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Buy ins and buy outs: Be prepared (be very prepared)

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The ever-growing volume of bulk annuity transactions has seen them become somewhat more standardised, but perhaps more importantly, the lawyers and consultants who regularly advise in this area now have established relationships (and precedent documentation) with most or all of the relevant insurers.

Does that make it easier to transact quickly? - Yes, but only up to a point.

Preparatory work

A buy in transaction should ideally represent the culmination of a number of different workstreams, some of which will take months or even years to complete.

The good news is that you can start the process well before you expect to transact. In fact, a lot of the preparatory work will have other benefits and/or needs to be done sooner or later in any event, so it may be worth doing even if you aren’t anticipating an insurance transaction at all.

For example, the process of getting a benefit specification signed off commonly flushes out a few areas where the scheme’s administrative practice isn’t perfectly aligned with the rules, often giving rise to over- and/or under-payment of benefits for some members.

Although it’s an uncomfortable process, the sooner such problems are identified and addressed, the better. Quite aside from the fact that underpaid beneficiaries should have the benefit of their full entitlement, trustees need to understand the true extent of the scheme’s liabilities so that they are accurately reflected in the scheme’s funding arrangements. Meanwhile continuing to make overpayments increases the scale of the problem, while past overpayments can become harder to recover (for both legal and practical reasons).

There are exceptions – schemes where, for one reason or another, it doesn’t make sense to undertake all of this work in advance. But over the long term, most schemes will benefit from being as “transaction ready” as possible.

Market dynamics

I would argue that this has never been more important. With an increasing number of schemes looking to secure liabilities, insurers can afford to be picky about where they allocate their resources. Particularly for smaller and medium-sized transactions, insurers are much more inclined to quote (and/or offer more attractive terms) where they believe that a transaction can be executed quickly and relatively straightforwardly.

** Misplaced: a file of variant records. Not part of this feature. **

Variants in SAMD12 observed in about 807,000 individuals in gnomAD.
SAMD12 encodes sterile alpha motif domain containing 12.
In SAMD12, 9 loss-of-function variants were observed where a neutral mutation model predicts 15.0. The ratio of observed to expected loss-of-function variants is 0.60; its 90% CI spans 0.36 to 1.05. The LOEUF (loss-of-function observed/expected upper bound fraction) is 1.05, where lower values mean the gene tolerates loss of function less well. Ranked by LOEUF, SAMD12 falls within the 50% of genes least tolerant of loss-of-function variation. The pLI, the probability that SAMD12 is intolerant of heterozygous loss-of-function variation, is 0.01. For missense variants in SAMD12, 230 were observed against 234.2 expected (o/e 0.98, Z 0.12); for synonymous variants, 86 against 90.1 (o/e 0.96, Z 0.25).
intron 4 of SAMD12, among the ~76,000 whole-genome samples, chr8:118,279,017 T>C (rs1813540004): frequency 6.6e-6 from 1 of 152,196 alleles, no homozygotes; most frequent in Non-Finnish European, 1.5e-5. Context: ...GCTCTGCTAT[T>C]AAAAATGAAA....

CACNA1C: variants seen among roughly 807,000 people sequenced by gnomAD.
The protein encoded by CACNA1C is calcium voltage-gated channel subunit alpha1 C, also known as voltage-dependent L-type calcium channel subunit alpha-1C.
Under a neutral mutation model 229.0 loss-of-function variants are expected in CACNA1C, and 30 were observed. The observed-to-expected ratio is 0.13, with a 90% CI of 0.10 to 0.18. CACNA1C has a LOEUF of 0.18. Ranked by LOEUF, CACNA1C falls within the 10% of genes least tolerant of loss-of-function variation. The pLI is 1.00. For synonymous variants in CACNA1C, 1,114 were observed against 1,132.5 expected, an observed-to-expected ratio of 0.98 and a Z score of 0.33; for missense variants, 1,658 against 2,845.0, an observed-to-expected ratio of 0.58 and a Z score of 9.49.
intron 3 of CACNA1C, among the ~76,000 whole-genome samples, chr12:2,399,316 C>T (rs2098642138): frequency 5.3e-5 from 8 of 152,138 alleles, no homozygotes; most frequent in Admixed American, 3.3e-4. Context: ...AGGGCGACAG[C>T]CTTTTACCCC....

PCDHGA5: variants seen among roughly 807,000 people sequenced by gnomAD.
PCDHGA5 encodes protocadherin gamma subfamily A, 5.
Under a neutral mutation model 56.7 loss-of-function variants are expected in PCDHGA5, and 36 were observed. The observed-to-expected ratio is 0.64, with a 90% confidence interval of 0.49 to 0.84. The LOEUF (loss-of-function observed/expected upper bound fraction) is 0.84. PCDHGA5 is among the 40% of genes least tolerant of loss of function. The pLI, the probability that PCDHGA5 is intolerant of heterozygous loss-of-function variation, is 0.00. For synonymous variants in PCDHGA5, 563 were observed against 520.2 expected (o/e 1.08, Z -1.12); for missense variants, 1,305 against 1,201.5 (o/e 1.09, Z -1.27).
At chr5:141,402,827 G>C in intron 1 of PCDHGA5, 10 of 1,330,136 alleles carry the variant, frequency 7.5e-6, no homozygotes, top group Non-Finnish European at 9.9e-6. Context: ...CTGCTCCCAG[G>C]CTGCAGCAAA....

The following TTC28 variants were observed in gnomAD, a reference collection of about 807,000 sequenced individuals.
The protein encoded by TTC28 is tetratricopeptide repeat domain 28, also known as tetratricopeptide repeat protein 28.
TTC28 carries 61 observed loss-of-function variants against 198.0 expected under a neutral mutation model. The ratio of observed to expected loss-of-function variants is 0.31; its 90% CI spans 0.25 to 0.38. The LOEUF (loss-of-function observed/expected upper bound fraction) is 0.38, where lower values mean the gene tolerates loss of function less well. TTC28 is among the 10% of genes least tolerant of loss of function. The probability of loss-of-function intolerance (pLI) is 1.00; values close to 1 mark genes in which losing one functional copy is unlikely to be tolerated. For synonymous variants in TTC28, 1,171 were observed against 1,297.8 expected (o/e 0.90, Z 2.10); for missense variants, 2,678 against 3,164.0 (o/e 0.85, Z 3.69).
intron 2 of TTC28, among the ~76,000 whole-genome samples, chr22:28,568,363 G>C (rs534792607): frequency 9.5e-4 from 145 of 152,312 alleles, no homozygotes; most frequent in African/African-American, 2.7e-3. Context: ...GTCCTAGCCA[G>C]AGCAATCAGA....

It is possible to do a buy in quickly, with comparatively little preparation, but trustees seeking to do so should expect to “pay the price”; both in a literal sense (a higher overall cost) and in the sense that the process is likely to be labour-intensive, difficult and may not achieve all of the original objectives (e.g. accepting possible mismatches where benefit issues have not been fully resolved).


It’s also worth thinking about the fact that even a very experienced lay trustee is unlikely to have significant experience of insurance transactions. After all, most schemes will only do one buy in, and no scheme winds up more than once. And it is important to recognise that some of the decisions required, particularly in a buy out and wind up exercise, may feel very alien (e.g. crystallising discretions).

Professional trustees, on the other hand, do this sort of thing all the time, and can add real value on insurance transactions. That isn’t to say that lay trustees shouldn’t undertake these transactions, but just like the scheme itself, the trustees need to be prepared.

It’s therefore well worth considering whether lay trustees should “skill up” on insurance transactions well before they consider actually going out to the market, and/or bring professional trustee expertise on board at the relevant time.

Most DB schemes are closed, so a great many are ultimately heading for buy out and wind up. It’s never too early to start thinking about what you’ll need when the time comes.

Tom Jackman, Associate Director, Sackers